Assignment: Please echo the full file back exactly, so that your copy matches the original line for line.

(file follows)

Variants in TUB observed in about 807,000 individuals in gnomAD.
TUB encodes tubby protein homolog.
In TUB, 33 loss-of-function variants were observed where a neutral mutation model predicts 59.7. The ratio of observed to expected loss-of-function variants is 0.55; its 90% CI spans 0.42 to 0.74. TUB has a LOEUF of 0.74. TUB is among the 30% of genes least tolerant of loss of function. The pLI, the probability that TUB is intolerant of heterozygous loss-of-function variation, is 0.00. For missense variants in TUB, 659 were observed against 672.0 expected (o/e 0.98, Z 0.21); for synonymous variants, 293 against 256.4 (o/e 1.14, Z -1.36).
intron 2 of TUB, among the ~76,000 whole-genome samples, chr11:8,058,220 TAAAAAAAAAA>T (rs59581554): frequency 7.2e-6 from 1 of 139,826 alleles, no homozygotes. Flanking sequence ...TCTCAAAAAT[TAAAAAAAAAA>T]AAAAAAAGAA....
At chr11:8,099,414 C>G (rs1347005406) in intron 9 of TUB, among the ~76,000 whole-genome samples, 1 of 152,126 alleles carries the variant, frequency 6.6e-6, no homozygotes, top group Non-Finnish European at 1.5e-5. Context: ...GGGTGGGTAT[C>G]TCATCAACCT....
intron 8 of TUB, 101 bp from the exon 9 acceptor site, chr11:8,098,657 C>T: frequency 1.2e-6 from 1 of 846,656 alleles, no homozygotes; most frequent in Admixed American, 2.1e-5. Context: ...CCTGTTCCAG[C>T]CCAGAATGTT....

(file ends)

Variants in TUB observed in about 807,000 individuals in gnomAD.
TUB encodes tubby protein homolog.
In TUB, 33 loss-of-function variants were observed where a neutral mutation model predicts 59.7. The ratio of observed to expected loss-of-function variants is 0.55; its 90% CI spans 0.42 to 0.74. TUB has a LOEUF of 0.74. TUB is among the 30% of genes least tolerant of loss of function. The pLI, the probability that TUB is intolerant of heterozygous loss-of-function variation, is 0.00. For missense variants in TUB, 659 were observed against 672.0 expected (o/e 0.98, Z 0.21); for synonymous variants, 293 against 256.4 (o/e 1.14, Z -1.36).
intron 2 of TUB, among the ~76,000 whole-genome samples, chr11:8,058,220 TAAAAAAAAAA>T (rs59581554): frequency 7.2e-6 from 1 of 139,826 alleles, no homozygotes. Flanking sequence ...TCTCAAAAAT[TAAAAAAAAAA>T]AAAAAAAGAA....
At chr11:8,099,414 C>G (rs1347005406) in intron 9 of TUB, among the ~76,000 whole-genome samples, 1 of 152,126 alleles carries the variant, frequency 6.6e-6, no homozygotes, top group Non-Finnish European at 1.5e-5. Context: ...GGGTGGGTAT[C>G]TCATCAACCT....
intron 8 of TUB, 101 bp from the exon 9 acceptor site, chr11:8,098,657 C>T: frequency 1.2e-6 from 1 of 846,656 alleles, no homozygotes; most frequent in Admixed American, 2.1e-5. Context: ...CCTGTTCCAG[C>T]CCAGAATGTT....